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The Internally Displaced Persons



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  1. October 1998

    • 24 October 98:
      Political and sectarian considerations are often cited as the main reasons why thousands of families displaced during the war have yet to return to their homes.
      But a close look at what their native villages have to offer, unveils a host of other problems-inadequate schools and health services and, of course, the perpetual complaints of a severe lack of funds to rebuild their homes.
      Like many of the Christian Chouf villages, Majd el Maouch was abandoned during the war.
      The ministry of the displaced has been trying to get the displaced to return but the lack of services has held many back.
      Of a total of 600 families, only 35 have returned.
      In this village, there is one public school. Five hundred chairs and desks are filled by 55 students from eight villages.
      Aware of many problems which are impending the return of the displaced, a UNDP branch, the UN Reintegration and Socio-Economic Rehabilitation of the displaced program, has been working for four years to provide the displaced with basic services.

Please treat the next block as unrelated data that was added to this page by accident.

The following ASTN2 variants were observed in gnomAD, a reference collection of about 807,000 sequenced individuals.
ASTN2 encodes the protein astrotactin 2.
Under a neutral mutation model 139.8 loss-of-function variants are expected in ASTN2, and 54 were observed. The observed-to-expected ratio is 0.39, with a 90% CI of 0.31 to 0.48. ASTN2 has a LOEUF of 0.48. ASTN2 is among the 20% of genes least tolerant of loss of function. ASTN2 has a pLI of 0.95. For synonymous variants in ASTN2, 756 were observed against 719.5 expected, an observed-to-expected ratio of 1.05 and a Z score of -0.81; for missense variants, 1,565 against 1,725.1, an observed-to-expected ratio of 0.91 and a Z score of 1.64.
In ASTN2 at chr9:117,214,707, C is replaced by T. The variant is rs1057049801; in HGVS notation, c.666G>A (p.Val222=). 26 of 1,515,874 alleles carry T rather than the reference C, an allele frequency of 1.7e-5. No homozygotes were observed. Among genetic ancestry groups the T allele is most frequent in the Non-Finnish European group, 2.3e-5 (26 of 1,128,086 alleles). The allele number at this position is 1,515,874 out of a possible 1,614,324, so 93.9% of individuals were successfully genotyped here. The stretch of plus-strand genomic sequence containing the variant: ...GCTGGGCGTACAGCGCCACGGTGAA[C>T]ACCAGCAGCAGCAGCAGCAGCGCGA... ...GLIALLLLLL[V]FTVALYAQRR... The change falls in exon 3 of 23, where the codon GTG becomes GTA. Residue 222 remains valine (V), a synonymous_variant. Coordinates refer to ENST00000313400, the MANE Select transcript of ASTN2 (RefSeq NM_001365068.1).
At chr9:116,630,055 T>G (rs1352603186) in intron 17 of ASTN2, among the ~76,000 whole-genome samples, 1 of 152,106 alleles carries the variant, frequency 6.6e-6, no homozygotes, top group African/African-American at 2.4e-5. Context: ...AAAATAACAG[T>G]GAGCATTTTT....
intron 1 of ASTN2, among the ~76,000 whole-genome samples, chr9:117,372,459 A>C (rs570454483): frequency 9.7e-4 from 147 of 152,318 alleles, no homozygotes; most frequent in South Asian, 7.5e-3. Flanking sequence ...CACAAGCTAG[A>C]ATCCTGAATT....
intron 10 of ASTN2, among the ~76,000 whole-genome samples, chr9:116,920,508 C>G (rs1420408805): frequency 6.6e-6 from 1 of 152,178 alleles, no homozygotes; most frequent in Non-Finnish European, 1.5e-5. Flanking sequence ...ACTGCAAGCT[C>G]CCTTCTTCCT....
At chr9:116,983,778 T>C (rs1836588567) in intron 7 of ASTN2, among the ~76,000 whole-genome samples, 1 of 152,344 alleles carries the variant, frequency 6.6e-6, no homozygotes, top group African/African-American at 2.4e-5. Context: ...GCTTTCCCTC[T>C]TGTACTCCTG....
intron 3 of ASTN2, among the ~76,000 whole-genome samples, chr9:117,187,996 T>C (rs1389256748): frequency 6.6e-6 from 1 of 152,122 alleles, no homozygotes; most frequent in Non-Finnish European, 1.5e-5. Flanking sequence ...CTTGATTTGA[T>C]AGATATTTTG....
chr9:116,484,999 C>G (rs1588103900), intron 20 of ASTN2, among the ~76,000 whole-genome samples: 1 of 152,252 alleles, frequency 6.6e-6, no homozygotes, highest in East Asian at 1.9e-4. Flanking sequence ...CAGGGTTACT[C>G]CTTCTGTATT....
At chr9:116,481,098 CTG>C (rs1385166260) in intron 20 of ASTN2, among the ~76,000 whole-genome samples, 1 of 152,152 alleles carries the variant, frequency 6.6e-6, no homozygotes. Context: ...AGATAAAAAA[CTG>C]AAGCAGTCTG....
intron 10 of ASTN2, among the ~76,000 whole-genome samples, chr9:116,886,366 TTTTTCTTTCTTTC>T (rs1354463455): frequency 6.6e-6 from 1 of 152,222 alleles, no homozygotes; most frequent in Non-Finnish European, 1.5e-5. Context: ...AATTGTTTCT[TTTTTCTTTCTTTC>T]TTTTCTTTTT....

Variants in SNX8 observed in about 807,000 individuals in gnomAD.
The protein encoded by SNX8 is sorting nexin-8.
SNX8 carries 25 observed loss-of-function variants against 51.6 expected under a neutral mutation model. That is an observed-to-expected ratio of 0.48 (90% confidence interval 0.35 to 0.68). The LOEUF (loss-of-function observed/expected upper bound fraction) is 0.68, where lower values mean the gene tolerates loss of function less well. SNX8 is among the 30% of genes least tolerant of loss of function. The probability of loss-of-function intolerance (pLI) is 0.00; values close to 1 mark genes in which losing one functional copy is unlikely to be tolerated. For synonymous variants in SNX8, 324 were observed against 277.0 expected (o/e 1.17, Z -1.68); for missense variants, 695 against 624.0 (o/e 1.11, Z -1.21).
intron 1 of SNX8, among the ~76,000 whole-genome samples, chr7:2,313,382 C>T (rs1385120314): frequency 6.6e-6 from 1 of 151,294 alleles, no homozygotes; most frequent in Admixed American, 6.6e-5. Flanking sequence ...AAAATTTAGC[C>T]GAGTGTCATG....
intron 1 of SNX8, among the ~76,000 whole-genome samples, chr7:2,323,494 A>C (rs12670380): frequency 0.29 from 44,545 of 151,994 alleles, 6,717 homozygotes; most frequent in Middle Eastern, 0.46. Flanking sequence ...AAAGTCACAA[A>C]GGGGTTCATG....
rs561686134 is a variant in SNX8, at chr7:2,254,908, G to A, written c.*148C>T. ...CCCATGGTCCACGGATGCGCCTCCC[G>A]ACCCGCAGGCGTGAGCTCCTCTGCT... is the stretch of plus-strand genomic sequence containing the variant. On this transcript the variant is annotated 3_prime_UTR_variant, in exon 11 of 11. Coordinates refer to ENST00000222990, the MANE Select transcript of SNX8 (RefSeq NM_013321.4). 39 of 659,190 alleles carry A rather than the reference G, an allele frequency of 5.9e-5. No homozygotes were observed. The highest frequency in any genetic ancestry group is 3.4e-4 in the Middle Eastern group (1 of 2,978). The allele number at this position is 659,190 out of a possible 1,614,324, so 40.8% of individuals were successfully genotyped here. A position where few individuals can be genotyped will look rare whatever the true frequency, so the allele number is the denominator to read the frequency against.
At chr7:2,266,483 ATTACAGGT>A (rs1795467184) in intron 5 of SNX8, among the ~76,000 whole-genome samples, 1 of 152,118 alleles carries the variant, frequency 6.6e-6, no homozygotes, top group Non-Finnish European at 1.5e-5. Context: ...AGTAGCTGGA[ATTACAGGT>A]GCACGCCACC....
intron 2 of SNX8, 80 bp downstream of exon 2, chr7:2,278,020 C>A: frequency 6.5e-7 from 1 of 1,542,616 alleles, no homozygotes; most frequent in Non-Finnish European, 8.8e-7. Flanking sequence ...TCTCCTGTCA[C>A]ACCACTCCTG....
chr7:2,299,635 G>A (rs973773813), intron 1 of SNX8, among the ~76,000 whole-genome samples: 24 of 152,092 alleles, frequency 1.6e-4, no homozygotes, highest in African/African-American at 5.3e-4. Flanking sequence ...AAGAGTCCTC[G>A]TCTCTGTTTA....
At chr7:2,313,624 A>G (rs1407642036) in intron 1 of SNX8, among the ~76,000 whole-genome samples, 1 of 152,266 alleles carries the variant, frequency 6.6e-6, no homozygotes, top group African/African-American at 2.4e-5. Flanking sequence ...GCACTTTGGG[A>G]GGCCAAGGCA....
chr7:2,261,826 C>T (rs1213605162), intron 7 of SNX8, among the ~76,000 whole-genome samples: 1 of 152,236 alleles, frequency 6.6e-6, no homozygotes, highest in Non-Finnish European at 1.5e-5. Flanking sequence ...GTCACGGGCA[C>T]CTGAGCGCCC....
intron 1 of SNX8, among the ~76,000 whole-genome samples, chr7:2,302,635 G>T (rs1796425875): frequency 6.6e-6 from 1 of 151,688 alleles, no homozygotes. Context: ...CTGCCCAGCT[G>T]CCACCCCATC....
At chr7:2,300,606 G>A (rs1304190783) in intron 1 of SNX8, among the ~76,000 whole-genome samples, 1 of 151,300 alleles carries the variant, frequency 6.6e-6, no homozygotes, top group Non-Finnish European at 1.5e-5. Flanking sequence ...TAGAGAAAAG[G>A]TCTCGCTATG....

The UNDP also helps the ministry of the displaced to formulate their plans and successfully convinced it to establish a department for social development. To further assess the area's needs, the UNDP brought staff to tour the region. The program has also attracted "the largest number of UN volunteers", added al Hosn.
      Leading the UNDP group, the project's assistant project manager, Walid Atallah, introduced the staff to the region.
      Yet, poor schools and health facilities are not the only factors discouraging the return of the displaced.
      Of 237 families that lived in the once prosperous Mazraat el Dahr, only 36 have returned.
      In 1995, the ministry began paving the way for those who wanted to return. Refugees were evicted and returnees allocated funds-payable in three installments- to rebuild their homes. But, financial problems prevented the ministry of the displaced from paying the third installment.
      The many abandoned and half-constructed buildings littering the region are testimony to the difficulties faced by the ministry in bringing people back home.

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